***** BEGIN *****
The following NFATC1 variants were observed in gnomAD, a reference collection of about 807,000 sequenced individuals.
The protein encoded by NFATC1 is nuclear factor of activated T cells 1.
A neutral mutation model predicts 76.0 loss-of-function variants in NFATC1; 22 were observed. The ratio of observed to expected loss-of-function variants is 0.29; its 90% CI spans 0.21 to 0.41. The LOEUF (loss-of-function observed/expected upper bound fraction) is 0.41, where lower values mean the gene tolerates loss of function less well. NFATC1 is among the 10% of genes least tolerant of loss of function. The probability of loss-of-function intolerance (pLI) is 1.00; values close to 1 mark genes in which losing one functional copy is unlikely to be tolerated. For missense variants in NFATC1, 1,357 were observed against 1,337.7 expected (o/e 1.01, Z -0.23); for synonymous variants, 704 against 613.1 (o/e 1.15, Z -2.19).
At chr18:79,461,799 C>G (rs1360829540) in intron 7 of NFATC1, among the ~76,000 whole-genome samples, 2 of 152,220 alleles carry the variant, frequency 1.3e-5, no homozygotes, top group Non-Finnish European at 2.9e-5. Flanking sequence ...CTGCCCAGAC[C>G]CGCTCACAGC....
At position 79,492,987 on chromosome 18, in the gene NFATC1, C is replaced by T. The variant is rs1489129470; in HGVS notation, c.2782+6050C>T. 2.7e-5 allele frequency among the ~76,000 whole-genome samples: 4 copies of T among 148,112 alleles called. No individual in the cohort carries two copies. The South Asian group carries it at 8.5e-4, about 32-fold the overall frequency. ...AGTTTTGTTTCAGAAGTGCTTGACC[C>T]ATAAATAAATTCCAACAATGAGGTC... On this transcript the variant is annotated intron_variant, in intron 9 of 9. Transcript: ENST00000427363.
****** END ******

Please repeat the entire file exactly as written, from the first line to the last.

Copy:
The following NFATC1 variants were observed in gnomAD, a reference collection of about 807,000 sequenced individuals.
The protein encoded by NFATC1 is nuclear factor of activated T cells 1.
A neutral mutation model predicts 76.0 loss-of-function variants in NFATC1; 22 were observed. The ratio of observed to expected loss-of-function variants is 0.29; its 90% CI spans 0.21 to 0.41. The LOEUF (loss-of-function observed/expected upper bound fraction) is 0.41, where lower values mean the gene tolerates loss of function less well. NFATC1 is among the 10% of genes least tolerant of loss of function. The probability of loss-of-function intolerance (pLI) is 1.00; values close to 1 mark genes in which losing one functional copy is unlikely to be tolerated. For missense variants in NFATC1, 1,357 were observed against 1,337.7 expected (o/e 1.01, Z -0.23); for synonymous variants, 704 against 613.1 (o/e 1.15, Z -2.19).
At chr18:79,461,799 C>G (rs1360829540) in intron 7 of NFATC1, among the ~76,000 whole-genome samples, 2 of 152,220 alleles carry the variant, frequency 1.3e-5, no homozygotes, top group Non-Finnish European at 2.9e-5. Flanking sequence ...CTGCCCAGAC[C>G]CGCTCACAGC....
At position 79,492,987 on chromosome 18, in the gene NFATC1, C is replaced by T. The variant is rs1489129470; in HGVS notation, c.2782+6050C>T. 2.7e-5 allele frequency among the ~76,000 whole-genome samples: 4 copies of T among 148,112 alleles called. No individual in the cohort carries two copies. The South Asian group carries it at 8.5e-4, about 32-fold the overall frequency. ...AGTTTTGTTTCAGAAGTGCTTGACC[C>T]ATAAATAAATTCCAACAATGAGGTC... On this transcript the variant is annotated intron_variant, in intron 9 of 9. Transcript: ENST00000427363.